How to use Double Negatives in Japanese
Welcome back to our “Video & Article” series with tutor Miki. In this article and video we will take a look at expressing positive statements by using double negatives in Japanese. For example: “よくないことはない”. Learn how to express subtle nuances by using double negatives in Japanese!
|Table of Contents
[Purpose of the Double Negative]
In today’s lesson we will take a look at using a double negative statement to express a positive statement. This is usually done to soften the statement or to convey subtle nuances or vagueness. First of all, we will take a look at how to form double negative statements grammatically. Then we will move on to a couple of examples. While the art of using two negatives to make a positive statement can also be utilised in English (“This isn’t not good!”), it seems to be a lot more common in Japanese.
The double negative is called “二重否定” in Japanese. Let’s take a look at two patterns used to express a double negative in Japanese:
The two uses of a grammatical negative cancel each other out, ultimately forming a positive statement.
Let’s look at some examples:
Literal: This song is not not good.
Meaning: This song isn’t bad.
Literal: I don’t don’t whine.
Meaning: I do whine.
This is the general grammatical structure for “なくはない”:
(direct object)(double negative)
It’s not that I don’t whine.
Before the double negative “なくはない” you can only use i-adjectives and non-volitional, including the potential form. For the conjugation you replace the “い” of the negative ending “ない” with “く” and the connect it with “はない”: “なくはない”.
To make a grammatically correct sentence with “ないことはない” you simply connect the negative form of the preceding verb or adjective with the nominalizer “こと” and then add “はない”.
(subject/topic) (double negative)
It’s not that the song is not good.
Lastly, let’s look at one more example before we move on:
The results for that business weren’t not good.
In other words this means:
The results were good.
[Purpose of the Double Negative]
So why do people choose to use the double negative form instead of directly saying what they want to say? There are three situations in which you can make use of the double negative.
1) When you generally agree with a statement but something doesn’t feel right, and you want to softly convey this.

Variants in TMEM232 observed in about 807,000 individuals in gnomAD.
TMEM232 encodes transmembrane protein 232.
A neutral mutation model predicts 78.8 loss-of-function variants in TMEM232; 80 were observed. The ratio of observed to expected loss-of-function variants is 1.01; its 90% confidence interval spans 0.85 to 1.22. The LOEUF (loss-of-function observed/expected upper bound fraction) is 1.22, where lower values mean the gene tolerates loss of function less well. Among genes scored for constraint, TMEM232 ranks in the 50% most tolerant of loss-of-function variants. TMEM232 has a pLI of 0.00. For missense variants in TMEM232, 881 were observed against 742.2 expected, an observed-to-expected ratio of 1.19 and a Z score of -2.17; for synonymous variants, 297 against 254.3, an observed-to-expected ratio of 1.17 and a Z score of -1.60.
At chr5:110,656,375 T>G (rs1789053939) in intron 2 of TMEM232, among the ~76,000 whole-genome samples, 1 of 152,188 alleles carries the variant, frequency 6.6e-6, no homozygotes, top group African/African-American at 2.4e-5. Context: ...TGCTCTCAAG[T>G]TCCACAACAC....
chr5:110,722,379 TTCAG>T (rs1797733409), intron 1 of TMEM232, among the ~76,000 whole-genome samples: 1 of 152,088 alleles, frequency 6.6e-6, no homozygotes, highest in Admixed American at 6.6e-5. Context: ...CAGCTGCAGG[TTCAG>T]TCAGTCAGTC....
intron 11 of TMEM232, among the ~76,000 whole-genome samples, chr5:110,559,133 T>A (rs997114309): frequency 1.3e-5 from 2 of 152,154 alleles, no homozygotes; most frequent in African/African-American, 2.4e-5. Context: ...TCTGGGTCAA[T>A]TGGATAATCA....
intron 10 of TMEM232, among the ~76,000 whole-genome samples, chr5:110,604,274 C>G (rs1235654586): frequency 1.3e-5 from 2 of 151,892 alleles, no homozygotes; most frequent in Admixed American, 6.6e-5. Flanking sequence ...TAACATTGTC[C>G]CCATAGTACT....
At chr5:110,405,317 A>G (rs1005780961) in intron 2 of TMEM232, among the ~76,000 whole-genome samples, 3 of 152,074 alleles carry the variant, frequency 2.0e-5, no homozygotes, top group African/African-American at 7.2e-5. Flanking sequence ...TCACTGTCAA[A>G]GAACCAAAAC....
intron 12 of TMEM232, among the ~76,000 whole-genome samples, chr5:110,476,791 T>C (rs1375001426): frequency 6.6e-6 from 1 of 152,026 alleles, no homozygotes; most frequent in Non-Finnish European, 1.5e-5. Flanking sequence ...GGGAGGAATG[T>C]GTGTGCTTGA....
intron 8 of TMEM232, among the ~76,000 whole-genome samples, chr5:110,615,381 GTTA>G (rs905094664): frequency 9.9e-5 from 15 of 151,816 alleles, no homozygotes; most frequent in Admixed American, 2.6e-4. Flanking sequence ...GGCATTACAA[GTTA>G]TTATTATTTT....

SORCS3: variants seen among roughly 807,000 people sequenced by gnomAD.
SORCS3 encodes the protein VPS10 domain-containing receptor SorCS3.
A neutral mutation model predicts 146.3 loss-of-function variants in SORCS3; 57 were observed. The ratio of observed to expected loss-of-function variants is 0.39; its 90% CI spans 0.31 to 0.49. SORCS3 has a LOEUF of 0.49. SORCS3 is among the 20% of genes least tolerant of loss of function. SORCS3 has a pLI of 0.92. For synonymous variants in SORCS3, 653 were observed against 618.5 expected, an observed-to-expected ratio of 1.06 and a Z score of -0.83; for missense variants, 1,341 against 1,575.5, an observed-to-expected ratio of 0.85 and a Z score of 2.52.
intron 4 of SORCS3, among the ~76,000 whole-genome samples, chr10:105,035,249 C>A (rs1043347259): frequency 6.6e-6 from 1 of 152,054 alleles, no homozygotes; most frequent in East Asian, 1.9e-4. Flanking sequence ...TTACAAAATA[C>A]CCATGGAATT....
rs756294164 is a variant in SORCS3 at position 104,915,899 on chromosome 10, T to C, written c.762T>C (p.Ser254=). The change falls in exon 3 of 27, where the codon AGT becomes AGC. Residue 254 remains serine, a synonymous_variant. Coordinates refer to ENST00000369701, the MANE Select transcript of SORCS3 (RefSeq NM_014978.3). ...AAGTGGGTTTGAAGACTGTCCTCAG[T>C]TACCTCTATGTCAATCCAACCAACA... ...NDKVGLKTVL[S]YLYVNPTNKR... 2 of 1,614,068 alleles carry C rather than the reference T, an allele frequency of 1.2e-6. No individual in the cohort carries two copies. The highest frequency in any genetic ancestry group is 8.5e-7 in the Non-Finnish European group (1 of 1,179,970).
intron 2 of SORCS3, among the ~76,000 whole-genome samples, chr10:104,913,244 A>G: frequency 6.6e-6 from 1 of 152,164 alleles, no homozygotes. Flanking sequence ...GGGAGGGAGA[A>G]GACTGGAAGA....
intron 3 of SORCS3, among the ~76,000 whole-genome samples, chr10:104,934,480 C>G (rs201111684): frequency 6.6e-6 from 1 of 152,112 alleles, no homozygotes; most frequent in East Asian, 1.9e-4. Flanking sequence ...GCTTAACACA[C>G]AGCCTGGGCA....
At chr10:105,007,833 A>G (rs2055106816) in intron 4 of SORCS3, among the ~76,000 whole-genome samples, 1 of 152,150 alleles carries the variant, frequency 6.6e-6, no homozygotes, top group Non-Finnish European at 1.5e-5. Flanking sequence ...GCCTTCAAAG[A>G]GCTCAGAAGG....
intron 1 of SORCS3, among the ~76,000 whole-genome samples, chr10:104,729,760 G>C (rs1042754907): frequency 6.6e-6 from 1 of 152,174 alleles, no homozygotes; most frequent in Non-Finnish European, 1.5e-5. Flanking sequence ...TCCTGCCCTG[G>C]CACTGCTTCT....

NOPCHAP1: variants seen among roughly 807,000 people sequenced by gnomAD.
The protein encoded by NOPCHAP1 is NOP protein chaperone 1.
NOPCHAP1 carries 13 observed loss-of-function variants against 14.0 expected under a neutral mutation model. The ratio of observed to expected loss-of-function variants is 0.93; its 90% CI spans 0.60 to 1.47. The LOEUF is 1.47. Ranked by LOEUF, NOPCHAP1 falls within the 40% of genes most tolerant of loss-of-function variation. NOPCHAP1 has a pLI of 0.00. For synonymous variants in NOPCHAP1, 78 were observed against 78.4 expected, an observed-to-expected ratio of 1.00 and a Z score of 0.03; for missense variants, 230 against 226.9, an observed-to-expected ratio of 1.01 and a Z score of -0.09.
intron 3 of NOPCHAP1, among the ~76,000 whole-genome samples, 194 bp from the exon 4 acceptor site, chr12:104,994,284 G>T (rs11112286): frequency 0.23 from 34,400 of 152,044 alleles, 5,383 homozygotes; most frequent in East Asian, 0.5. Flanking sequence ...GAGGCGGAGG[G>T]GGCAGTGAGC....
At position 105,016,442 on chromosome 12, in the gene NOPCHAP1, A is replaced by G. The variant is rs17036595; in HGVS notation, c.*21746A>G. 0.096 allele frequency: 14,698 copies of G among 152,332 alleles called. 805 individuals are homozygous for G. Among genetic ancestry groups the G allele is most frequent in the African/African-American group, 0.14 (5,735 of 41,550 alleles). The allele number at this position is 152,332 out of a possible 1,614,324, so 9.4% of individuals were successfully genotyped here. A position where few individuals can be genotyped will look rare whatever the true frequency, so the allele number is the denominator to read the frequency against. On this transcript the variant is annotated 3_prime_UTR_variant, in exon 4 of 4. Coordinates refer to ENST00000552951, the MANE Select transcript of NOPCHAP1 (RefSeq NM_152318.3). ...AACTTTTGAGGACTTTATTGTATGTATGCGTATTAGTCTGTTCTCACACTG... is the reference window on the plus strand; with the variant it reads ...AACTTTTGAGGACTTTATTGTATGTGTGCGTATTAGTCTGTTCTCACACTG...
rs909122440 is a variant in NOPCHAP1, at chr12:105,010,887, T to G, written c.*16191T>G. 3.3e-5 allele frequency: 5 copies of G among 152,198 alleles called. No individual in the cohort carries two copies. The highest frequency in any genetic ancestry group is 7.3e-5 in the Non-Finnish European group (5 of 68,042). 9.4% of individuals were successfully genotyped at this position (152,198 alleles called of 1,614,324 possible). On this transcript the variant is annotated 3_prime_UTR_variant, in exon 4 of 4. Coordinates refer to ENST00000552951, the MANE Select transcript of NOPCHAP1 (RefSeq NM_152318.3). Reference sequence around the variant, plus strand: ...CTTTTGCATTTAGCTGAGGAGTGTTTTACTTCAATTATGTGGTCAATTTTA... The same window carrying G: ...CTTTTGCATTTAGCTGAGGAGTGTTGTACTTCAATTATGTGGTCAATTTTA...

Look at this example:
A: I want this because it’s cute.
B: What about this one?
A: Hm, it’s not like that one isn’t cute, but it’s not quite what I was looking for.
Here, using the double negative form allows speaker A to avoid directly contradicting the statement of speaker B. You can use the double negative like this to prevent hurting a friend.
Let’s move on!
2) You can use double negative for poetry or meaningful statements
This may not be very useful for daily conversations, but important to know. To express the meaning of something, double negative is often used in poetry or song lyrics. For example:
Not completely lacking, a little (existent)
This phrase is used for stating that it is “certainly possible” something might happen, maybe even against all odds:
We are not entirely without the hope of winning.
3) You can use double negative when you intentionally want to make your sentence vague
A child for example may use this grammar pattern to avoid answering a question from their parents clearly:
A: Did you do your homework?
B: It’s not that I didn’t do my homework.
However, since this is a very specific grammar pattern, overusing it may dilute the subtle nuance you want to give your statement. Additionally, using this once or twice works since the actual meaning can be easily be deducted. However, overusing this pattern can lead to nonsense since entire paragraphs might become too vague for listeners to understand your point (so avoid doing this unless that is your intention).
Even when using double negative, make sure to pay attention to the purpose and clarity of your sentences.
In an argument, for example, you can make your intention of politely disagreeing sure and then use the double negative form:
It’s not that I cannot agree, but because of X Y and Z, I have to disagree with you.
In this case, this may be similar to the English “I see your point, but”, or “I see where you’re coming from, but”.
That is everything for today’s lesson. We hope that this helps you understand and utilize double negative sentences in Japanese. If you would like to learn more about this topic, feel free to book a lesson with one of our native, qualified Japanese tutors anytime!
|To pile up, to add, to repeat
|Way of expressing something
|Vague way of talking
|To approve, to agree